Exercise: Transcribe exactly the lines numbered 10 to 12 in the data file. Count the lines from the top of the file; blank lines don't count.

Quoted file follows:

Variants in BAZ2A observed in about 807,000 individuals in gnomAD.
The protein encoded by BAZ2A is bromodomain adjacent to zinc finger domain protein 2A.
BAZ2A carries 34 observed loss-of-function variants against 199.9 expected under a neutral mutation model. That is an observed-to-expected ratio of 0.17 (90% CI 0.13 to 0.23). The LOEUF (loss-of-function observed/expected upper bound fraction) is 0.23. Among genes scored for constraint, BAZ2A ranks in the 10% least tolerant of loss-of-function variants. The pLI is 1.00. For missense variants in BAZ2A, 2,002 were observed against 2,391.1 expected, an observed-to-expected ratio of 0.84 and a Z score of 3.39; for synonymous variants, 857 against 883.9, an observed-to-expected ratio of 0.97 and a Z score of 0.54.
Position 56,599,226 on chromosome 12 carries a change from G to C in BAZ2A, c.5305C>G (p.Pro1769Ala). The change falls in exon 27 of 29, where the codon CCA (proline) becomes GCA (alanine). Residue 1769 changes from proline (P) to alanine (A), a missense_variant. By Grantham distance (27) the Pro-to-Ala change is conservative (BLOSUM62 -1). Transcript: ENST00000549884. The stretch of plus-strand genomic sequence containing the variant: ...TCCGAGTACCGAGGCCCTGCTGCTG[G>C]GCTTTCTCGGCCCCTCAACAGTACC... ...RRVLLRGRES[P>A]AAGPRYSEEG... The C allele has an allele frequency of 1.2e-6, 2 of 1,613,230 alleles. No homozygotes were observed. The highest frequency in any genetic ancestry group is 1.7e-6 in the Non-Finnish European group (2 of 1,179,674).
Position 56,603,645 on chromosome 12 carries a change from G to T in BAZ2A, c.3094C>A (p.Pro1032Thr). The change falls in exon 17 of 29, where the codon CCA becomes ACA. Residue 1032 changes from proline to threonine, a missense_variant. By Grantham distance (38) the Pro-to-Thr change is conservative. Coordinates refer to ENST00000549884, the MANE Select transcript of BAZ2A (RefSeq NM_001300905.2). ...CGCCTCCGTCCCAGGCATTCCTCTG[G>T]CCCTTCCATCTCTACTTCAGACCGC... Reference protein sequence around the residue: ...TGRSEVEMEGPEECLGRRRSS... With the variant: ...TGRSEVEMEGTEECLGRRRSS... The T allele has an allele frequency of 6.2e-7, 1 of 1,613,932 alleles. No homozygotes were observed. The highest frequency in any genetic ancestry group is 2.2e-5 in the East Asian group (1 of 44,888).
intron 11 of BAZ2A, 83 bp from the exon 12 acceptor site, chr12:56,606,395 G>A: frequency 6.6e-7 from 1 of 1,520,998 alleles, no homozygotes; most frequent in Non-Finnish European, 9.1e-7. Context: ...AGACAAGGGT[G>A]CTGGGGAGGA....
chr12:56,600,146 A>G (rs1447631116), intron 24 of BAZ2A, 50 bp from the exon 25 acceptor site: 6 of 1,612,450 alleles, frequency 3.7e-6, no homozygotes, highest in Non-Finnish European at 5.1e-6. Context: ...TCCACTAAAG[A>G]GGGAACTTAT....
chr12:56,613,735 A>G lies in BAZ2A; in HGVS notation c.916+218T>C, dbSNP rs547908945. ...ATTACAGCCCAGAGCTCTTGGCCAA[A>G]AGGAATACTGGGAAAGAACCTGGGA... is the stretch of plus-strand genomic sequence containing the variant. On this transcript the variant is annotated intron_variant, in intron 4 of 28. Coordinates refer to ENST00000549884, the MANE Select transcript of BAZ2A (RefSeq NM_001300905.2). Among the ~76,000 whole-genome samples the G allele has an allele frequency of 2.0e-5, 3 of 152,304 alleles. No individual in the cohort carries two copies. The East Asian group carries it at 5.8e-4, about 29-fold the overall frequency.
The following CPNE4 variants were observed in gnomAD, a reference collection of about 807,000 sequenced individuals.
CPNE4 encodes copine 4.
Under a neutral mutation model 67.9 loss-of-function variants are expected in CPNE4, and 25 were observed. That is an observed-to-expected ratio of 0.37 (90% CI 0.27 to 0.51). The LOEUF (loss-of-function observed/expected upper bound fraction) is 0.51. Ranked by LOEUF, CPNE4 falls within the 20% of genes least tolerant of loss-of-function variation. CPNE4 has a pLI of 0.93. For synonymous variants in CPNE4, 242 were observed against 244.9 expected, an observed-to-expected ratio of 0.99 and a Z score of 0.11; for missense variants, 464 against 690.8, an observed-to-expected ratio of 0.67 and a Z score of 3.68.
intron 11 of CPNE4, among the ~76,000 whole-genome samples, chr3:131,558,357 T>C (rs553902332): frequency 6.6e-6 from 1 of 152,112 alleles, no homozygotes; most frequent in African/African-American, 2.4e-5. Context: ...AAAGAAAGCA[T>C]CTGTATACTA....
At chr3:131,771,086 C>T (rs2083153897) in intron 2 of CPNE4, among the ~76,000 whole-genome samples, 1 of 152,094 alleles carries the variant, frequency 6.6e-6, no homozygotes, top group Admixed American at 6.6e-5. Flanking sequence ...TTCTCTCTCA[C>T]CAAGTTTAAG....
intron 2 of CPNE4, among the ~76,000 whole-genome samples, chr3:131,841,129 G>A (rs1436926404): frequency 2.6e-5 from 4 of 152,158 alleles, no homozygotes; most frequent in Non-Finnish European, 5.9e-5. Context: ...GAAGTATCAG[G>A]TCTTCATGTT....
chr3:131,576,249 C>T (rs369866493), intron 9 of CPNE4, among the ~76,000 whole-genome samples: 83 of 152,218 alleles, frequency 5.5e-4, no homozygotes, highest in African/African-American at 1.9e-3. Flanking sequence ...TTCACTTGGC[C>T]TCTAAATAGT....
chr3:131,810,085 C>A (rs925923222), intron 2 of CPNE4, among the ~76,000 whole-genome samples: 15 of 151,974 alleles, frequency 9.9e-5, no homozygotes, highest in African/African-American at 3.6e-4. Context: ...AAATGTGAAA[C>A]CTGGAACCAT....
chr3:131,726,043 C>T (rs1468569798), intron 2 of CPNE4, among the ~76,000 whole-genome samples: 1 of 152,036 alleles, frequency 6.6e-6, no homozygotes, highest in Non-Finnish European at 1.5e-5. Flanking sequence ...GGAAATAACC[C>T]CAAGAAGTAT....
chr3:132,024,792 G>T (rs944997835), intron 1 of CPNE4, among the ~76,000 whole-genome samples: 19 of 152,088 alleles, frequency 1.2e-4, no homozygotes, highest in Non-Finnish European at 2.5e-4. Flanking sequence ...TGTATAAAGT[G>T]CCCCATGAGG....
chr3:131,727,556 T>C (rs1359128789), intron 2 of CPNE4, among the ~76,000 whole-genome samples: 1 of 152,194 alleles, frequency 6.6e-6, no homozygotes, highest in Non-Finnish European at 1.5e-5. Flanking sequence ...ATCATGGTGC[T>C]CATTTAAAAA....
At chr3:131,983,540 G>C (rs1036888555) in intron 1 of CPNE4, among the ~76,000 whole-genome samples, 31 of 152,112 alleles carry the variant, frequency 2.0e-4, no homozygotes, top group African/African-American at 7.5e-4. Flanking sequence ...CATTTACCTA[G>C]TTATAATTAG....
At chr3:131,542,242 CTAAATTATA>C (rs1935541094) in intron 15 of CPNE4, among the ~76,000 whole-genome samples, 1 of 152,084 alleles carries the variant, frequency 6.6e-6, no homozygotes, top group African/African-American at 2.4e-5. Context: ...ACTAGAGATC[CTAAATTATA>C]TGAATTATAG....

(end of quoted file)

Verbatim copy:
CPNE4 encodes copine 4.
Under a neutral mutation model 67.9 loss-of-function variants are expected in CPNE4, and 25 were observed. That is an observed-to-expected ratio of 0.37 (90% CI 0.27 to 0.51). The LOEUF (loss-of-function observed/expected upper bound fraction) is 0.51. Ranked by LOEUF, CPNE4 falls within the 20% of genes least tolerant of loss-of-function variation. CPNE4 has a pLI of 0.93. For synonymous variants in CPNE4, 242 were observed against 244.9 expected, an observed-to-expected ratio of 0.99 and a Z score of 0.11; for missense variants, 464 against 690.8, an observed-to-expected ratio of 0.67 and a Z score of 3.68.
intron 11 of CPNE4, among the ~76,000 whole-genome samples, chr3:131,558,357 T>C (rs553902332): frequency 6.6e-6 from 1 of 152,112 alleles, no homozygotes; most frequent in African/African-American, 2.4e-5. Context: ...AAAGAAAGCA[T>C]CTGTATACTA....